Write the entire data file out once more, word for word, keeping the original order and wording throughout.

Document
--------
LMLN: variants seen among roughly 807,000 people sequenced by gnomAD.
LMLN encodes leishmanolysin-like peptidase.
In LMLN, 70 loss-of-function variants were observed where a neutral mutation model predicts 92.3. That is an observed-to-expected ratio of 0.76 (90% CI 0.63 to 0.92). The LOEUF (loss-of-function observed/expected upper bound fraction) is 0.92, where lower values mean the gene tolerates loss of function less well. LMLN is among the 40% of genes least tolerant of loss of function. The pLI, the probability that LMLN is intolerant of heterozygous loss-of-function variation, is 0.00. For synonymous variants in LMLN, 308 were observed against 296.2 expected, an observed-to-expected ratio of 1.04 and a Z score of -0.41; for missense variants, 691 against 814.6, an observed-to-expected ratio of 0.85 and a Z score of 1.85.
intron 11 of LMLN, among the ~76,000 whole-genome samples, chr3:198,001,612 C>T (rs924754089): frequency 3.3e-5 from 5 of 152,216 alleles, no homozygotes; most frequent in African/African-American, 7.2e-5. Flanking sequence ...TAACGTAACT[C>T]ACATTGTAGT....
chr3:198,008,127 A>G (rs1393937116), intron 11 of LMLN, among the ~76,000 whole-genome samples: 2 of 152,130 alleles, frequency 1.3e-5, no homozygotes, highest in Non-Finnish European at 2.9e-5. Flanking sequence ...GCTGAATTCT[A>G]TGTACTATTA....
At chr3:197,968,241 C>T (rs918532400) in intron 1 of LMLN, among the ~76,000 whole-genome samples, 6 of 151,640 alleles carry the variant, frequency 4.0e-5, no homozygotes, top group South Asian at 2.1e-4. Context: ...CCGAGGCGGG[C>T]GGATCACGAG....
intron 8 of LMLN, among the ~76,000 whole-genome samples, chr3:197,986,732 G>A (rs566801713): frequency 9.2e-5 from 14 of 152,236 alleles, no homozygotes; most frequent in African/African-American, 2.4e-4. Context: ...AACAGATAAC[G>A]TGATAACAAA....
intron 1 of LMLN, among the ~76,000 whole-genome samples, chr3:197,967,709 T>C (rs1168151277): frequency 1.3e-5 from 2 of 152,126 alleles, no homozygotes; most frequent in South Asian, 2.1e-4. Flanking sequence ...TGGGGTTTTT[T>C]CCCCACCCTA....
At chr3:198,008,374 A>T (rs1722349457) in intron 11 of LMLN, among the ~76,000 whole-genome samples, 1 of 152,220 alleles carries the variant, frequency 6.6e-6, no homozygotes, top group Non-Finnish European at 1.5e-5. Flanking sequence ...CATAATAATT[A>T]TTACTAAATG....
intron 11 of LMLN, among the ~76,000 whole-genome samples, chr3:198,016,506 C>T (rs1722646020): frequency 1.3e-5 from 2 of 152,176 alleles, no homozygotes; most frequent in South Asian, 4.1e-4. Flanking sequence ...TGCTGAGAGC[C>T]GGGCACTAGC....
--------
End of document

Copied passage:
LMLN: variants seen among roughly 807,000 people sequenced by gnomAD.
LMLN encodes leishmanolysin-like peptidase.
In LMLN, 70 loss-of-function variants were observed where a neutral mutation model predicts 92.3. That is an observed-to-expected ratio of 0.76 (90% CI 0.63 to 0.92). The LOEUF (loss-of-function observed/expected upper bound fraction) is 0.92, where lower values mean the gene tolerates loss of function less well. LMLN is among the 40% of genes least tolerant of loss of function. The pLI, the probability that LMLN is intolerant of heterozygous loss-of-function variation, is 0.00. For synonymous variants in LMLN, 308 were observed against 296.2 expected, an observed-to-expected ratio of 1.04 and a Z score of -0.41; for missense variants, 691 against 814.6, an observed-to-expected ratio of 0.85 and a Z score of 1.85.
intron 11 of LMLN, among the ~76,000 whole-genome samples, chr3:198,001,612 C>T (rs924754089): frequency 3.3e-5 from 5 of 152,216 alleles, no homozygotes; most frequent in African/African-American, 7.2e-5. Flanking sequence ...TAACGTAACT[C>T]ACATTGTAGT....
chr3:198,008,127 A>G (rs1393937116), intron 11 of LMLN, among the ~76,000 whole-genome samples: 2 of 152,130 alleles, frequency 1.3e-5, no homozygotes, highest in Non-Finnish European at 2.9e-5. Flanking sequence ...GCTGAATTCT[A>G]TGTACTATTA....
At chr3:197,968,241 C>T (rs918532400) in intron 1 of LMLN, among the ~76,000 whole-genome samples, 6 of 151,640 alleles carry the variant, frequency 4.0e-5, no homozygotes, top group South Asian at 2.1e-4. Context: ...CCGAGGCGGG[C>T]GGATCACGAG....
intron 8 of LMLN, among the ~76,000 whole-genome samples, chr3:197,986,732 G>A (rs566801713): frequency 9.2e-5 from 14 of 152,236 alleles, no homozygotes; most frequent in African/African-American, 2.4e-4. Context: ...AACAGATAAC[G>A]TGATAACAAA....
intron 1 of LMLN, among the ~76,000 whole-genome samples, chr3:197,967,709 T>C (rs1168151277): frequency 1.3e-5 from 2 of 152,126 alleles, no homozygotes; most frequent in South Asian, 2.1e-4. Flanking sequence ...TGGGGTTTTT[T>C]CCCCACCCTA....
At chr3:198,008,374 A>T (rs1722349457) in intron 11 of LMLN, among the ~76,000 whole-genome samples, 1 of 152,220 alleles carries the variant, frequency 6.6e-6, no homozygotes, top group Non-Finnish European at 1.5e-5. Flanking sequence ...CATAATAATT[A>T]TTACTAAATG....
intron 11 of LMLN, among the ~76,000 whole-genome samples, chr3:198,016,506 C>T (rs1722646020): frequency 1.3e-5 from 2 of 152,176 alleles, no homozygotes; most frequent in South Asian, 4.1e-4. Flanking sequence ...TGCTGAGAGC[C>T]GGGCACTAGC....